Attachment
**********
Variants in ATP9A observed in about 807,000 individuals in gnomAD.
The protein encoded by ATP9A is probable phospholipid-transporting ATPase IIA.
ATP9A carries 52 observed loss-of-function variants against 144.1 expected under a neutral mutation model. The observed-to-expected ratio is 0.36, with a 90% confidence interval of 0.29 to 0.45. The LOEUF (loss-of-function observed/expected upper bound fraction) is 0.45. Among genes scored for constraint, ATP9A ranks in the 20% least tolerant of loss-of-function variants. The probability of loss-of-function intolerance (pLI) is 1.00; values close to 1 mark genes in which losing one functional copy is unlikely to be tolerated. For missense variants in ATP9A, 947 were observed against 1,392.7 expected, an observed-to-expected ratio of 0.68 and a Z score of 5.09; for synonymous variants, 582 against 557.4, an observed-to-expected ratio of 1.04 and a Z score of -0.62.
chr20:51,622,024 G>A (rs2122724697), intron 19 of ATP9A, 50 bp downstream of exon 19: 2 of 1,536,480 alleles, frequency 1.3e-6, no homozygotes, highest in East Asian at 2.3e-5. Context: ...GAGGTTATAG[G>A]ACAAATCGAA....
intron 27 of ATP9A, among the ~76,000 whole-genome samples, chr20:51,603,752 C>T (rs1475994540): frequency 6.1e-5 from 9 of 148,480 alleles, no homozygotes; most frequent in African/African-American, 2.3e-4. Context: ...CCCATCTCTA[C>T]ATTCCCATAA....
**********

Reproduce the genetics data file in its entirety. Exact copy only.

Variants in ATP9A observed in about 807,000 individuals in gnomAD.
The protein encoded by ATP9A is probable phospholipid-transporting ATPase IIA.
ATP9A carries 52 observed loss-of-function variants against 144.1 expected under a neutral mutation model. The observed-to-expected ratio is 0.36, with a 90% confidence interval of 0.29 to 0.45. The LOEUF (loss-of-function observed/expected upper bound fraction) is 0.45. Among genes scored for constraint, ATP9A ranks in the 20% least tolerant of loss-of-function variants. The probability of loss-of-function intolerance (pLI) is 1.00; values close to 1 mark genes in which losing one functional copy is unlikely to be tolerated. For missense variants in ATP9A, 947 were observed against 1,392.7 expected, an observed-to-expected ratio of 0.68 and a Z score of 5.09; for synonymous variants, 582 against 557.4, an observed-to-expected ratio of 1.04 and a Z score of -0.62.
chr20:51,622,024 G>A (rs2122724697), intron 19 of ATP9A, 50 bp downstream of exon 19: 2 of 1,536,480 alleles, frequency 1.3e-6, no homozygotes, highest in East Asian at 2.3e-5. Context: ...GAGGTTATAG[G>A]ACAAATCGAA....
intron 27 of ATP9A, among the ~76,000 whole-genome samples, chr20:51,603,752 C>T (rs1475994540): frequency 6.1e-5 from 9 of 148,480 alleles, no homozygotes; most frequent in African/African-American, 2.3e-4. Context: ...CCCATCTCTA[C>T]ATTCCCATAA....